With the COVID-19 pandemic pushing businesses of all types into remote work environments, much has changed across the digital landscape. Even the most traditional brick-and-mortar establishments have embraced the remote way of working, including offering their products and services through digital/contactless means. Software development in Sri Lanka has therefore seen a rising trend in shifts to the cloud, as enterprises scramble to set a foundation that will enable them to operate remotely. It’s therefore safe to say that the pandemic in itself has been a disruptor, as it has pushed businesses that are otherwise strictly brick-and-mortar to accept ways of functioning that are more tech-savvy. As these businesses consider whether they wish to continue their remote work environments well after the pandemic subsides, there is one key element that needs to still be focused on – business continuity.
Although a buzzword that was gaining traction well before the pandemic took place, business continuity has become an even bigger hot topic – and for good reason, understandably. But what constitutes business continuity, especially during these unprecedented times? Businesses have mostly been focused on ensuring that what took place at the office or factory on a daily basis, takes place in just the same way through a remote work environment. In addition to that, ensuring access to product offerings for customers has also been crucial, thereby inviting more plans to make this possible digitally.
The facilitation of a digital product that enables the smooth purchase and delivery of a company’s product/service offerings is what constitutes as digital product development – especially during these times. At the end of the day, you want to make sure that your products and services are still conveniently available, for your customers. The right digital application will help you facilitate that. So how do you get started? On top of that, what pitfalls should you avoid to ascertain that your product development endeavour is a success?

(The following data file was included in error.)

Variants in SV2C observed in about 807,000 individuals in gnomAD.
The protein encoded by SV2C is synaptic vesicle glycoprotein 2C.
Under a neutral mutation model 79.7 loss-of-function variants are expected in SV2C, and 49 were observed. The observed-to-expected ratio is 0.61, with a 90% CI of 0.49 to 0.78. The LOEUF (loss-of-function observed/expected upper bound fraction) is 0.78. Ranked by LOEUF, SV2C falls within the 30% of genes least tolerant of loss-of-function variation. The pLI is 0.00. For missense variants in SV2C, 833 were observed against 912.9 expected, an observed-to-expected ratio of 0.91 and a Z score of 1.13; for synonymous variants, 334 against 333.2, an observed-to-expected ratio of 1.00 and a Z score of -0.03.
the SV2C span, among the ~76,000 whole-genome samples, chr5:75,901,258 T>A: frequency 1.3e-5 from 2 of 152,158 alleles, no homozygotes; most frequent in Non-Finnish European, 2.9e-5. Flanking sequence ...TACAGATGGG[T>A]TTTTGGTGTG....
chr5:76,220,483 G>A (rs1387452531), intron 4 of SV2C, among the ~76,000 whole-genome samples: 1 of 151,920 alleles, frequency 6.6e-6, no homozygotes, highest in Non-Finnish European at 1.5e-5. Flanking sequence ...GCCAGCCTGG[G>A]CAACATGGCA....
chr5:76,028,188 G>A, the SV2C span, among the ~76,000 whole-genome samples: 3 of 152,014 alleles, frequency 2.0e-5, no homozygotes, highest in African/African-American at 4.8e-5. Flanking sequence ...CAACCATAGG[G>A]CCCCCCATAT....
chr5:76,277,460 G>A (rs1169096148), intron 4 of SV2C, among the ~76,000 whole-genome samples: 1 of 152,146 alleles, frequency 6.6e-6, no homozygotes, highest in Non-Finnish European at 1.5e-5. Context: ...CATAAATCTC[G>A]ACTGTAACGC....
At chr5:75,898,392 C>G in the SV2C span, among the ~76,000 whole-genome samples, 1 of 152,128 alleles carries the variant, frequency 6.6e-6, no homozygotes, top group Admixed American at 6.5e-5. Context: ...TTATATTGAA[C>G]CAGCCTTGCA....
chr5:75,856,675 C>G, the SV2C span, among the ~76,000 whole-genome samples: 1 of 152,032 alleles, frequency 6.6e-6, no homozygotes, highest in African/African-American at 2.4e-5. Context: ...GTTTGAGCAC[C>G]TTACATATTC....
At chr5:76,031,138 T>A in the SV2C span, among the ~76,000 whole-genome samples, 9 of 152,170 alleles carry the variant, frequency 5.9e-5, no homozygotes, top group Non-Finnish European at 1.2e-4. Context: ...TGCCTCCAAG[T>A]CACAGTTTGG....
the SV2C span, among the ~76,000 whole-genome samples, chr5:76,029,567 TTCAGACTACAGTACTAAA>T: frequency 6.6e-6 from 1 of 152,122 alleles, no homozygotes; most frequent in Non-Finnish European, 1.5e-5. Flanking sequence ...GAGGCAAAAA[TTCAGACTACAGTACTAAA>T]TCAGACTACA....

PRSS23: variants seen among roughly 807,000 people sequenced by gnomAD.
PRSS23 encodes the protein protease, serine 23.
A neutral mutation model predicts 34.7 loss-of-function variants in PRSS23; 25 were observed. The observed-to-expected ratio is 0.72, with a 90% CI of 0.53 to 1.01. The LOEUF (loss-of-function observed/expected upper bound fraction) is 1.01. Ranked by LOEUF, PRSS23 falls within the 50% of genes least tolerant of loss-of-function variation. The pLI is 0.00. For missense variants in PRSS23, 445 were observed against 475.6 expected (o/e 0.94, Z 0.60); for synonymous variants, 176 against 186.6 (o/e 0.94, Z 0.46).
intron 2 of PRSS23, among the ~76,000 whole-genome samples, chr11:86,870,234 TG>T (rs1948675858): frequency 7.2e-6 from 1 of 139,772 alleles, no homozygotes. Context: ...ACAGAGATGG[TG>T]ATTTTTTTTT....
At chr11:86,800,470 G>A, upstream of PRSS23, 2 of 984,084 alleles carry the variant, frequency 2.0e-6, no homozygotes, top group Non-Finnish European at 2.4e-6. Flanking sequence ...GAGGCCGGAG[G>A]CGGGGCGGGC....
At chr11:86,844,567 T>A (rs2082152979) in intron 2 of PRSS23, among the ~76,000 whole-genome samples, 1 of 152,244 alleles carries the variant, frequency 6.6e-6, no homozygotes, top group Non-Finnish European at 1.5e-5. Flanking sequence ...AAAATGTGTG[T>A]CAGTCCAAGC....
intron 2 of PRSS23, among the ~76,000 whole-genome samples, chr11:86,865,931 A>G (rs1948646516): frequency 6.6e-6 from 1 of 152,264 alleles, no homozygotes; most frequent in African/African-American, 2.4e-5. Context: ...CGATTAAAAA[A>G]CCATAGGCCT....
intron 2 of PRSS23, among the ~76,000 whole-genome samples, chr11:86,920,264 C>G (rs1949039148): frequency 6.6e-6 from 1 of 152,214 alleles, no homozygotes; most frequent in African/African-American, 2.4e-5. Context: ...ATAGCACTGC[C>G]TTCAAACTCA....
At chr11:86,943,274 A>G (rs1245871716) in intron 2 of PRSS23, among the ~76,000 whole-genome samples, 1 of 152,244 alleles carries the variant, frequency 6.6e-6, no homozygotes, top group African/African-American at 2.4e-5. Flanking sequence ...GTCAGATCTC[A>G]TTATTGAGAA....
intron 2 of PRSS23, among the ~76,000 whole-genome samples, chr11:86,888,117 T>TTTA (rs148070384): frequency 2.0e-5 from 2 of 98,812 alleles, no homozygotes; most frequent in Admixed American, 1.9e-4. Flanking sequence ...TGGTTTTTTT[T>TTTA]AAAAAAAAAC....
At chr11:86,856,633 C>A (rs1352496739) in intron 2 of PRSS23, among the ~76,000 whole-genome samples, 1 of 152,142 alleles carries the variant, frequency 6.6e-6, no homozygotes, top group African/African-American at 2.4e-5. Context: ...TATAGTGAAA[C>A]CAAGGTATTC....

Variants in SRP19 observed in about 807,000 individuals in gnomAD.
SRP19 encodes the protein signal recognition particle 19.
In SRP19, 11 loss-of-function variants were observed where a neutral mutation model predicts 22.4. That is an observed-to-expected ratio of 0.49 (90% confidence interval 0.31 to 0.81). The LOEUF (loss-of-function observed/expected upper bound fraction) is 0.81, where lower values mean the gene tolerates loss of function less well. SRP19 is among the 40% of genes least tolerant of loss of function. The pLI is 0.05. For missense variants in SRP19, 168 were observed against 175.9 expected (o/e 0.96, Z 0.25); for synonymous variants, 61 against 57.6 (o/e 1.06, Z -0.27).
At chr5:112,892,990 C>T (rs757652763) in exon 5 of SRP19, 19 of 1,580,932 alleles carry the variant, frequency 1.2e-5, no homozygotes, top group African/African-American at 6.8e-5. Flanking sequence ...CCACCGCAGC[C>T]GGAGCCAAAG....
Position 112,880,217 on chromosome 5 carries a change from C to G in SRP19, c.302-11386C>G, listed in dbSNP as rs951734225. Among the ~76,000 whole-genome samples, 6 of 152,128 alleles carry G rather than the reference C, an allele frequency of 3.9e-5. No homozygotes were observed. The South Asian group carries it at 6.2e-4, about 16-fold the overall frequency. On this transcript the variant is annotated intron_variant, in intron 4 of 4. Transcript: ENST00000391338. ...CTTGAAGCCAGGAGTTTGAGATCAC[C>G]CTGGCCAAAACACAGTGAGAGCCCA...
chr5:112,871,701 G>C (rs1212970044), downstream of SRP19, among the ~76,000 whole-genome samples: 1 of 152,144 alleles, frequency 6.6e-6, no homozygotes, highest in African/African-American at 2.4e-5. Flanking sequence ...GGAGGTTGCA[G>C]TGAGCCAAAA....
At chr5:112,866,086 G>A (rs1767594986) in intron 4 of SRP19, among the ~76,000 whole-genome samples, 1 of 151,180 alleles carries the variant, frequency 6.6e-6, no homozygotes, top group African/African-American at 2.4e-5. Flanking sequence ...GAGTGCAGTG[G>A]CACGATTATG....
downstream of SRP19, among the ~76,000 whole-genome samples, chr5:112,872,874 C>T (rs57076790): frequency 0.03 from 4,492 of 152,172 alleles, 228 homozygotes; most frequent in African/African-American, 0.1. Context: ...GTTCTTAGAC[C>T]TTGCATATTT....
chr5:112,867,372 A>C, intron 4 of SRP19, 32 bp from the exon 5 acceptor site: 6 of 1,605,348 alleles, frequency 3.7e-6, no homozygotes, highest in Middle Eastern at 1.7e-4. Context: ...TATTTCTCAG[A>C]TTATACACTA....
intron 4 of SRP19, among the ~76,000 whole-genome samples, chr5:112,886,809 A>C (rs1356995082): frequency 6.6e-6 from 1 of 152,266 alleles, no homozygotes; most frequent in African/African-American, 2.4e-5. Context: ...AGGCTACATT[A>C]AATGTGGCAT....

Before getting to the nitty-gritty of what constitutes great digital product development, it’s wise to harp on something very important:
This might seem like a no-brainer, but it is concerning to note just how many brands/businesses are guilty of doing just the opposite. Focusing on pushing a product out through stringent advertising and marketing efforts before having a high-quality product available is more common than one may think. Hastening the recognition of a premature or poorly thought out product can have a number of negative consequences, such as a bad product-market fit and a loss of investment. Pandemic or not, this is why it is imperative to first have a product that will confidently add value to the lives of your customers, before talking about it in the market.
The below tips are general rules-of-thumb for digital product development, but they will be applicable for any business, regardless of the economic climate. They will help your team understand how a product idea can be made into a business model that is lucrative and sustainable. Read on to know more!
Just like business continuity, customer experience (also known as CX for short) is widely spoken about. What with the pandemic around us, CX doesn’t just become more important than before – it also invites a whole host of newfound variables that businesses need to address. Irrespective of COVID-19 and subsequent economic downturns, a highly consumerist business landscape and the steady proliferation of digital products have created many options for customers to choose from. In other words, there are multiple options for pretty much anything out there. As a result, customers are spoilt for choice. So even the slightest lags or hiccups will cause the typical customer to jump ship – and move over to the competition.